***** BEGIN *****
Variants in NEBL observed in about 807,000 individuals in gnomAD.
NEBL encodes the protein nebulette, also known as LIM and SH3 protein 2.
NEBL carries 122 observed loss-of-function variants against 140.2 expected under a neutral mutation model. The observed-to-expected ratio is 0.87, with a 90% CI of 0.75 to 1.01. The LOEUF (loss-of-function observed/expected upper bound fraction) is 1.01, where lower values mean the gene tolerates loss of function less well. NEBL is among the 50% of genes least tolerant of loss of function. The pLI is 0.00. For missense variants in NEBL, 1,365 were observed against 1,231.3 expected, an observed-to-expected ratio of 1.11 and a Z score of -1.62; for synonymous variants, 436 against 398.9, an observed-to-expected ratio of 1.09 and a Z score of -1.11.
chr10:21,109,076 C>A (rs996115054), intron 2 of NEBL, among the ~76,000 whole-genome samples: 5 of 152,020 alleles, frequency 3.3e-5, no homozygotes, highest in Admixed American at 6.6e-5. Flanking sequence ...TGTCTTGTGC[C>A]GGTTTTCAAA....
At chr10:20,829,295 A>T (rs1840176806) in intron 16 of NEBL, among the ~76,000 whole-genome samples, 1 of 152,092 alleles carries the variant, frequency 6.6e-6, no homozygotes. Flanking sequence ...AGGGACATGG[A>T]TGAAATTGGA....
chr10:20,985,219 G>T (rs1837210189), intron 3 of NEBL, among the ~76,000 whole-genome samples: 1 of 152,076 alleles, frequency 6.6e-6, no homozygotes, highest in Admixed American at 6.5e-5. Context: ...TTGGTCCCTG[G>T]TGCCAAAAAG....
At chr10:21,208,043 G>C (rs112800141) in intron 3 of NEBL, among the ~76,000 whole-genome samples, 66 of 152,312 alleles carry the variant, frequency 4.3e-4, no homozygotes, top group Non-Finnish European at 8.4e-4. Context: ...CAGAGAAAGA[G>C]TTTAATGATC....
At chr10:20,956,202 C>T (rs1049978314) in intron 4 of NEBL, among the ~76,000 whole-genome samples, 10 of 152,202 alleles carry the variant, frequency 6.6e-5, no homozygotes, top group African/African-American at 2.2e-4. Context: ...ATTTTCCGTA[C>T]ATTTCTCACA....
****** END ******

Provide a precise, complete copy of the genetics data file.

Variants in NEBL observed in about 807,000 individuals in gnomAD.
NEBL encodes the protein nebulette, also known as LIM and SH3 protein 2.
NEBL carries 122 observed loss-of-function variants against 140.2 expected under a neutral mutation model. The observed-to-expected ratio is 0.87, with a 90% CI of 0.75 to 1.01. The LOEUF (loss-of-function observed/expected upper bound fraction) is 1.01, where lower values mean the gene tolerates loss of function less well. NEBL is among the 50% of genes least tolerant of loss of function. The pLI is 0.00. For missense variants in NEBL, 1,365 were observed against 1,231.3 expected, an observed-to-expected ratio of 1.11 and a Z score of -1.62; for synonymous variants, 436 against 398.9, an observed-to-expected ratio of 1.09 and a Z score of -1.11.
chr10:21,109,076 C>A (rs996115054), intron 2 of NEBL, among the ~76,000 whole-genome samples: 5 of 152,020 alleles, frequency 3.3e-5, no homozygotes, highest in Admixed American at 6.6e-5. Flanking sequence ...TGTCTTGTGC[C>A]GGTTTTCAAA....
At chr10:20,829,295 A>T (rs1840176806) in intron 16 of NEBL, among the ~76,000 whole-genome samples, 1 of 152,092 alleles carries the variant, frequency 6.6e-6, no homozygotes. Flanking sequence ...AGGGACATGG[A>T]TGAAATTGGA....
chr10:20,985,219 G>T (rs1837210189), intron 3 of NEBL, among the ~76,000 whole-genome samples: 1 of 152,076 alleles, frequency 6.6e-6, no homozygotes, highest in Admixed American at 6.5e-5. Context: ...TTGGTCCCTG[G>T]TGCCAAAAAG....
At chr10:21,208,043 G>C (rs112800141) in intron 3 of NEBL, among the ~76,000 whole-genome samples, 66 of 152,312 alleles carry the variant, frequency 4.3e-4, no homozygotes, top group Non-Finnish European at 8.4e-4. Context: ...CAGAGAAAGA[G>C]TTTAATGATC....
At chr10:20,956,202 C>T (rs1049978314) in intron 4 of NEBL, among the ~76,000 whole-genome samples, 10 of 152,202 alleles carry the variant, frequency 6.6e-5, no homozygotes, top group African/African-American at 2.2e-4. Context: ...ATTTTCCGTA[C>T]ATTTCTCACA....